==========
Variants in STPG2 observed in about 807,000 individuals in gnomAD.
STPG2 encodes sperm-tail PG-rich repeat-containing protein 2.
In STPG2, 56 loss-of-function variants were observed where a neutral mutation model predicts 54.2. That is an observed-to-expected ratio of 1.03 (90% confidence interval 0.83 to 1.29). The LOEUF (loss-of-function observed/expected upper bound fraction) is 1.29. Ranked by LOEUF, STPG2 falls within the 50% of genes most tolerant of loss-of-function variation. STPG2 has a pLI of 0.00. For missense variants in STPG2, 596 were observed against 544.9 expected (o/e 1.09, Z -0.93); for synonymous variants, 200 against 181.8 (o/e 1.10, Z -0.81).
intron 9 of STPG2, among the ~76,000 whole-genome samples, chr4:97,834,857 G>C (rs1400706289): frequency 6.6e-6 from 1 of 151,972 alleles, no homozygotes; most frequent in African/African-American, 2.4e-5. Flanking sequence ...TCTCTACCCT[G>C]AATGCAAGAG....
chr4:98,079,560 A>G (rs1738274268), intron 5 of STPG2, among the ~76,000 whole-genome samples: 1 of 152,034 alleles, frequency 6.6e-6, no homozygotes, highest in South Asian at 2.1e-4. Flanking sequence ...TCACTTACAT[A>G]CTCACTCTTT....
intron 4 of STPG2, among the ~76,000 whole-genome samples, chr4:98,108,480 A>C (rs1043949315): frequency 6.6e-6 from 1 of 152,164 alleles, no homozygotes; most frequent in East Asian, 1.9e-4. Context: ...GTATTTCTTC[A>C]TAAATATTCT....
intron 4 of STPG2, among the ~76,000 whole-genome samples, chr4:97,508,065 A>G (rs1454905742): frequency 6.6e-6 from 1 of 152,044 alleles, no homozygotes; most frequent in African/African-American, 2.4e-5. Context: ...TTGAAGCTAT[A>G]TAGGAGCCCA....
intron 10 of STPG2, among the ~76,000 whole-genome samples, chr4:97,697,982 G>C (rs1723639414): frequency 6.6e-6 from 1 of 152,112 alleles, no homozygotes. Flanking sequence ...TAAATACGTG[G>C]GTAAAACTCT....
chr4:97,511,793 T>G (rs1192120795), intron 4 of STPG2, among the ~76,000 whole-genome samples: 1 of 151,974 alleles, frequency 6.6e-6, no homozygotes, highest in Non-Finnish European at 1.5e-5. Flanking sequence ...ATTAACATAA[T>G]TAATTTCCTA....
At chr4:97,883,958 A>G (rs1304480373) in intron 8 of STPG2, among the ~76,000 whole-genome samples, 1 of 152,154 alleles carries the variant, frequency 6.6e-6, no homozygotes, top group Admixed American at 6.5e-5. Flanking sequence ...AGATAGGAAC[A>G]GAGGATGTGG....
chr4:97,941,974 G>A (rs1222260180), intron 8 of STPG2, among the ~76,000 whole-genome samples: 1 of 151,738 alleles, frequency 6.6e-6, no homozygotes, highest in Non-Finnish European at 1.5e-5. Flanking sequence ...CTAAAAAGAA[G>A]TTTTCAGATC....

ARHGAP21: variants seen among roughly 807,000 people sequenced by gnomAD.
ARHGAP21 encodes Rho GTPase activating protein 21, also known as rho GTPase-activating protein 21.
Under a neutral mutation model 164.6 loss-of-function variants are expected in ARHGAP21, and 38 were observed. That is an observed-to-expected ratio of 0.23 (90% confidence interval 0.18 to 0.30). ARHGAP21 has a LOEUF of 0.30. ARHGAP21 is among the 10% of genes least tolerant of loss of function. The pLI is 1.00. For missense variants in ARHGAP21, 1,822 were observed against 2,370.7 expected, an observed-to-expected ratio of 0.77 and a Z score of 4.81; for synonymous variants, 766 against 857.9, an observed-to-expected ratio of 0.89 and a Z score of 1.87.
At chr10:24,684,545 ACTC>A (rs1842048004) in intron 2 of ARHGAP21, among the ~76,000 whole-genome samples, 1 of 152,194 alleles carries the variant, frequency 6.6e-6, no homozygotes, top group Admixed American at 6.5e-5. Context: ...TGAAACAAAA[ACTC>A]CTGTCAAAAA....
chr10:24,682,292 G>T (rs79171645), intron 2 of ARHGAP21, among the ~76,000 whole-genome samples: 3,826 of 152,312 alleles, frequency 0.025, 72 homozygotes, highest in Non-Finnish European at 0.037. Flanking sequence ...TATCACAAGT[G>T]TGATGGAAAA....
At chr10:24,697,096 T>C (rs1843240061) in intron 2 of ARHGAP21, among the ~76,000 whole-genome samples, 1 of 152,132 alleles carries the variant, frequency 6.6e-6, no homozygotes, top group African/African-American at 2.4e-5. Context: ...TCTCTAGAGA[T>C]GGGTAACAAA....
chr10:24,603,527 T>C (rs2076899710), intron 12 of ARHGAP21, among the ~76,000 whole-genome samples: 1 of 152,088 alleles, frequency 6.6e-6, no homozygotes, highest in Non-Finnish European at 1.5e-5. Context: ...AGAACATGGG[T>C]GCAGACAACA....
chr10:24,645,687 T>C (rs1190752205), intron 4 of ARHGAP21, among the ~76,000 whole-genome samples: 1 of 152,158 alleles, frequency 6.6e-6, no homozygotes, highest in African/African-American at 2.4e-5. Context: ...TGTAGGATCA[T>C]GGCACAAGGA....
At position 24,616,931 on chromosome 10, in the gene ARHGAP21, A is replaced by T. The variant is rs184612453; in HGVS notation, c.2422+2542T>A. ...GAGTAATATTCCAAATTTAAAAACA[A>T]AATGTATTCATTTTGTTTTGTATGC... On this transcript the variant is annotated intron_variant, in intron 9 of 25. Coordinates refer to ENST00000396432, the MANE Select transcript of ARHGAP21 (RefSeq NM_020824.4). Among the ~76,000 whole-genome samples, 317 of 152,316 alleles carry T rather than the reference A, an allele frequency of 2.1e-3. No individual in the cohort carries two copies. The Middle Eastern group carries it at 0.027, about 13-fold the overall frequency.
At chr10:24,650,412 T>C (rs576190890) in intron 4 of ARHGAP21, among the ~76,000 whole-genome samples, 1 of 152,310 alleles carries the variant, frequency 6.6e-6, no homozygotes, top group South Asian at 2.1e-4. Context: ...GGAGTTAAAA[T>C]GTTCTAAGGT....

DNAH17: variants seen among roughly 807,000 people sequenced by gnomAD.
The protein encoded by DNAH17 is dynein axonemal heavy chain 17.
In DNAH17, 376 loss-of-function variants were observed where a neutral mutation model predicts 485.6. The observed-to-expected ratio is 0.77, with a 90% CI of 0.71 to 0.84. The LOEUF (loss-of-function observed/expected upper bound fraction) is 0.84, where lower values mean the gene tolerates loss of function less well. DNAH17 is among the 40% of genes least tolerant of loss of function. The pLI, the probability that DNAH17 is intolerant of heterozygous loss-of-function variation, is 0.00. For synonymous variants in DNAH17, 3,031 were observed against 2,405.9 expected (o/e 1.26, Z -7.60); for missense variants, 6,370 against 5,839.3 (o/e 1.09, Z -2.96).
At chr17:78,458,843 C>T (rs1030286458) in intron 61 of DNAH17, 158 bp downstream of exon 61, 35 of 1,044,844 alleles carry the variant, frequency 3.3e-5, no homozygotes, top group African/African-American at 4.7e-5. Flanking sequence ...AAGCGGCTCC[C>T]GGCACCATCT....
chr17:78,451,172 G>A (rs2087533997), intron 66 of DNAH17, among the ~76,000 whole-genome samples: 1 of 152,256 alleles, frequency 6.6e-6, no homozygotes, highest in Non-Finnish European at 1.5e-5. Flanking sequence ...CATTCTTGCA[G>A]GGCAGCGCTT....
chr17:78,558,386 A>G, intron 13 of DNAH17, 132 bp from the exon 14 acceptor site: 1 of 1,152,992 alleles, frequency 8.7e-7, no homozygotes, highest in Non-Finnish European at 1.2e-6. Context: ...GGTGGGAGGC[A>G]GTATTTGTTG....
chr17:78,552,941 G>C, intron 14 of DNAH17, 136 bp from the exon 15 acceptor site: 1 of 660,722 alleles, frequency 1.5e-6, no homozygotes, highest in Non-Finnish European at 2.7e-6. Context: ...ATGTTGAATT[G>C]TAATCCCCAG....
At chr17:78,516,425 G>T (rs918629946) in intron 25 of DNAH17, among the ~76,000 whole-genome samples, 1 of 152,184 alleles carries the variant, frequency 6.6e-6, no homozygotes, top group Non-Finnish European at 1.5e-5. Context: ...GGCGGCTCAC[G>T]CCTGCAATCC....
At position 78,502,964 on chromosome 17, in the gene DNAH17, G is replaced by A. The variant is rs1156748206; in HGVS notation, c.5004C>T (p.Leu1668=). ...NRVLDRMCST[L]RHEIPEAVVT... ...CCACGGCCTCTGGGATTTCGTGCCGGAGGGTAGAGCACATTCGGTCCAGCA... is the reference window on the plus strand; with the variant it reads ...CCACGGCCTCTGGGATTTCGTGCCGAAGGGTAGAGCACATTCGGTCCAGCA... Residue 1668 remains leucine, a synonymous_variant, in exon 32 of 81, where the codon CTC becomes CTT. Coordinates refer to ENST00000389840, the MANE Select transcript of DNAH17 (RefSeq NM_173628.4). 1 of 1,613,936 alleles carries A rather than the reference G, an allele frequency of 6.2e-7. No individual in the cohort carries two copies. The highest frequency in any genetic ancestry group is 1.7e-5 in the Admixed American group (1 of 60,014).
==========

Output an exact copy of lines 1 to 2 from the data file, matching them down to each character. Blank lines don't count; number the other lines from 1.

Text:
Variants in STPG2 observed in about 807,000 individuals in gnomAD.
STPG2 encodes sperm-tail PG-rich repeat-containing protein 2.